Monday, June 22, 2009

when i grow up, i want to be like Mom

My mother turned 89 last Friday, and how did she celebrate this special day? She became a member of Facebook! Yep, she joined that ubiquitous, perhaps insidious, social network that allows you to connect with long-lost friends, past neighbors, high school and college classmates and become friends with folks all over the world. And knowing my Mom, she will soon have more FB friends than I could ever hope for.

It really shouldn't surprise me that this is how my mother celebrated her birthday. After all, she has always been trying out new things, learning new ways, meeting new people, discovering new places. When she remarried in her mid-50's, she took up golf, and became an addict. She divides her baseball loyalties between the Atlanta Braves and the Chicago Cubs, wearing out remotes switching from game to game. She became adept at computer skills, surfing the Net like a 14-year-old. She was ordained an elder in the Presbyterian Church the same year I was ordained as a pastor. A lifelong Anglophile, she headed over to Britain in her 70's.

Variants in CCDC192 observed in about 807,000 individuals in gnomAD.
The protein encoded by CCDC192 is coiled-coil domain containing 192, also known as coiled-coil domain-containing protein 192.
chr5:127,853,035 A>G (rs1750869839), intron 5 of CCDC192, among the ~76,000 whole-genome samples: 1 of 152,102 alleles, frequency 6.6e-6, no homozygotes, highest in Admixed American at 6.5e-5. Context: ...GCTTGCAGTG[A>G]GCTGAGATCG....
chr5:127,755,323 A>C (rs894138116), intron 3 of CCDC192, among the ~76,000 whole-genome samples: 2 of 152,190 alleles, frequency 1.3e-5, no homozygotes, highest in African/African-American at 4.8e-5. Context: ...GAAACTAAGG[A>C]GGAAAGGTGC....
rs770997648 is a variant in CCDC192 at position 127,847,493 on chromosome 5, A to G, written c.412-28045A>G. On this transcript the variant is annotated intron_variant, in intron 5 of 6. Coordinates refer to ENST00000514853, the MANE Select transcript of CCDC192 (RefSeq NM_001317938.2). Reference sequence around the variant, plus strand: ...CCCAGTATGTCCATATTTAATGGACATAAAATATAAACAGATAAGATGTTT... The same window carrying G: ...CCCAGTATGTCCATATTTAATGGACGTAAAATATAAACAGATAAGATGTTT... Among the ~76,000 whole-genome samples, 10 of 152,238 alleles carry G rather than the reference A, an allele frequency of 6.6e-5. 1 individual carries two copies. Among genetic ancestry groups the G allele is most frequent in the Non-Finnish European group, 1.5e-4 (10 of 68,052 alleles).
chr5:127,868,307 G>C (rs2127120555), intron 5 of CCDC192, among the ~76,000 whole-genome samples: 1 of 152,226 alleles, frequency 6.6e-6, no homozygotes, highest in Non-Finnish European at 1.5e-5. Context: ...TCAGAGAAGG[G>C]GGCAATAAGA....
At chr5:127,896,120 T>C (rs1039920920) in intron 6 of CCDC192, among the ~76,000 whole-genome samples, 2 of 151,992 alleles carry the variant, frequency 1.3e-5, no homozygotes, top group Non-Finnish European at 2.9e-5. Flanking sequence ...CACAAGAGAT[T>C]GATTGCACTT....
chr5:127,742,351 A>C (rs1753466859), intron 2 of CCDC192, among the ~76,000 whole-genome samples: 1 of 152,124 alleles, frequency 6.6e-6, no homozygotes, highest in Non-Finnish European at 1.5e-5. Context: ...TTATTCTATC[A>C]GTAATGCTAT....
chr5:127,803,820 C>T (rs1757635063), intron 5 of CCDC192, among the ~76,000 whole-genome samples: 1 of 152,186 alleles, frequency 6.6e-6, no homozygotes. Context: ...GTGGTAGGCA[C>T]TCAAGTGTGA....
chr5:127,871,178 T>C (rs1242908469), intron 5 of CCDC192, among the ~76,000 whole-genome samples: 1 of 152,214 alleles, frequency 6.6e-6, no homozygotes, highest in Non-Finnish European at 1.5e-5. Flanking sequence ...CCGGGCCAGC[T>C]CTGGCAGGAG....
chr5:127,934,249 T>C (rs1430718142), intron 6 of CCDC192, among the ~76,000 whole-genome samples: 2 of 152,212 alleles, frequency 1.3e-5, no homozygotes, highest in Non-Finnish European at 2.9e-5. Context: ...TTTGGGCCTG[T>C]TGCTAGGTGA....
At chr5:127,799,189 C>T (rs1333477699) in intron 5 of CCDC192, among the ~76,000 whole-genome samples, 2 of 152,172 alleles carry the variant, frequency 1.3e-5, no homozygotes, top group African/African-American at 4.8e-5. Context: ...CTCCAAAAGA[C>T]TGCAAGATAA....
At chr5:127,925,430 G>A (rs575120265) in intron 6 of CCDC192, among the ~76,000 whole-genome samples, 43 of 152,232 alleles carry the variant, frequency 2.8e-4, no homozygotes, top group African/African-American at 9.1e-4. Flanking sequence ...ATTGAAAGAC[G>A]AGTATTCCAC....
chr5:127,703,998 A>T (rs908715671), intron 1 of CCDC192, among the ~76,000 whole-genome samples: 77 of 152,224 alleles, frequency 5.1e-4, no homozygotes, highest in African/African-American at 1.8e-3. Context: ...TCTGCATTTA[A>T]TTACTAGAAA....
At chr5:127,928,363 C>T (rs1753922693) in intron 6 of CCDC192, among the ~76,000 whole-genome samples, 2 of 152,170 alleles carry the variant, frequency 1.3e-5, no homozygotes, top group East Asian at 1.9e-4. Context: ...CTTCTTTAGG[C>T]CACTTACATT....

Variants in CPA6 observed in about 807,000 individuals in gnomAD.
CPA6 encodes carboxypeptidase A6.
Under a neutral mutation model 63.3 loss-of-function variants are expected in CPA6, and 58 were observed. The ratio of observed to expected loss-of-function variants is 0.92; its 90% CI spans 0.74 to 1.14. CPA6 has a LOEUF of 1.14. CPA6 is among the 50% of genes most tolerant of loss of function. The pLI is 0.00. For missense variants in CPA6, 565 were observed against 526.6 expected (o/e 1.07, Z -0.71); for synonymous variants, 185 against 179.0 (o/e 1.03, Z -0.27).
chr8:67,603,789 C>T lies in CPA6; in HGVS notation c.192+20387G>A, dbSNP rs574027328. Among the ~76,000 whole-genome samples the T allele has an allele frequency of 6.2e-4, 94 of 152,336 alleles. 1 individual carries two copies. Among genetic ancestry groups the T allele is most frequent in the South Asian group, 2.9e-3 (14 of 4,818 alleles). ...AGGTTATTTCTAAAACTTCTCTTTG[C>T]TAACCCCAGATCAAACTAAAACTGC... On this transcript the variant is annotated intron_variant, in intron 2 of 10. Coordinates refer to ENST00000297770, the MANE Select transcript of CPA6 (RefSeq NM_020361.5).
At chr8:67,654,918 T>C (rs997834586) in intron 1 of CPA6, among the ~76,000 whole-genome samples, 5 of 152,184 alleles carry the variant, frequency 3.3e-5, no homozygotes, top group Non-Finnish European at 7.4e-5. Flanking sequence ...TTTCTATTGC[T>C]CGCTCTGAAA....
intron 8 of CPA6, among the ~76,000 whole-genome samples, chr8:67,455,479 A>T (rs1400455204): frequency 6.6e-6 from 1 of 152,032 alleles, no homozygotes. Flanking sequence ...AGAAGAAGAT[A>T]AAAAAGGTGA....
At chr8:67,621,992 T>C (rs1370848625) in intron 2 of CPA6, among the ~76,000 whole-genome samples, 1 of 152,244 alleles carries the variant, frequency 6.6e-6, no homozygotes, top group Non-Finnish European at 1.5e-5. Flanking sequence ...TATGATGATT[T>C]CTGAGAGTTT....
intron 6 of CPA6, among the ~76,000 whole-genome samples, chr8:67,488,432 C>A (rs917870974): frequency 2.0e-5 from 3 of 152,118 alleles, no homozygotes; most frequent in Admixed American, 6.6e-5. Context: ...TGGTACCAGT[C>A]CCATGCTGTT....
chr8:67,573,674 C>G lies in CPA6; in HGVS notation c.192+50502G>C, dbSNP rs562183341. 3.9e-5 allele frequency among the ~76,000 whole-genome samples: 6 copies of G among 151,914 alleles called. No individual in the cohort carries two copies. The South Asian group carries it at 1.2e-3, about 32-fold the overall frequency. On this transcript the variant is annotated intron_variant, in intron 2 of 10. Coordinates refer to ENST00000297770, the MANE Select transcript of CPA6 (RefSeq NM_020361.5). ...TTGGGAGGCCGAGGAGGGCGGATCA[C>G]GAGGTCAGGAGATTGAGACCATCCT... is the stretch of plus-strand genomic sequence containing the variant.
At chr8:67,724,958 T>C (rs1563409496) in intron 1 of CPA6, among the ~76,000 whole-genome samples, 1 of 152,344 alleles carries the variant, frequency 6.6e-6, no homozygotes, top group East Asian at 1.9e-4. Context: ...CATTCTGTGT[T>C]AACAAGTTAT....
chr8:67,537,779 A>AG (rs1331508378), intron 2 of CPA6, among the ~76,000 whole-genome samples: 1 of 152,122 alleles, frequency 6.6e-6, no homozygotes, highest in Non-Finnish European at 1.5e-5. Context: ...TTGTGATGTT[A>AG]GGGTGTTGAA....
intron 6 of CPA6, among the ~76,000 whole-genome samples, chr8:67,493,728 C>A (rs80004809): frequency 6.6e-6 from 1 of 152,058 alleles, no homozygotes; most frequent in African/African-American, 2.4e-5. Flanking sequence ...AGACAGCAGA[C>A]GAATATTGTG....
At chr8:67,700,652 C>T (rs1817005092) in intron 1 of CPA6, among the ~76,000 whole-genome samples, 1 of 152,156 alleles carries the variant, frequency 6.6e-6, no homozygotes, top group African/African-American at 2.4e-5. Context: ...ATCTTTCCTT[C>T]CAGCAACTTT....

She is a constant reminder to me of the Biblical truth that when it comes to God's job description for being a child of God, there is no retirement age, no gold watch handed out, no rocking chair on the front porch. God is always challenging folks, of whatever age, to go to new places, meet new folks, take on new challenges, learn new ways of being and doing, discovering that gift-seed that God planted so long ago and is now ready to blossom.

From Abe and Sarah leaving the retirement center in Haran to travel to Canaan, to Moses turning in his resignation to his father-in-law to return to Egypt, to Hannah, Hosea, Deborah, Paul, Phoebe, Barnabas, John on Patmos, and down through all the centuries, God keeps prodding us, nudging us, encouraging us, asking us to grow, to blossom, to serve, to live as God's beloved children. My mother is that living example of one who continues to step out in faith, in new and exciting ways.

But if she starts Twittering . . .

(c) 2009 Thom M. Shuman

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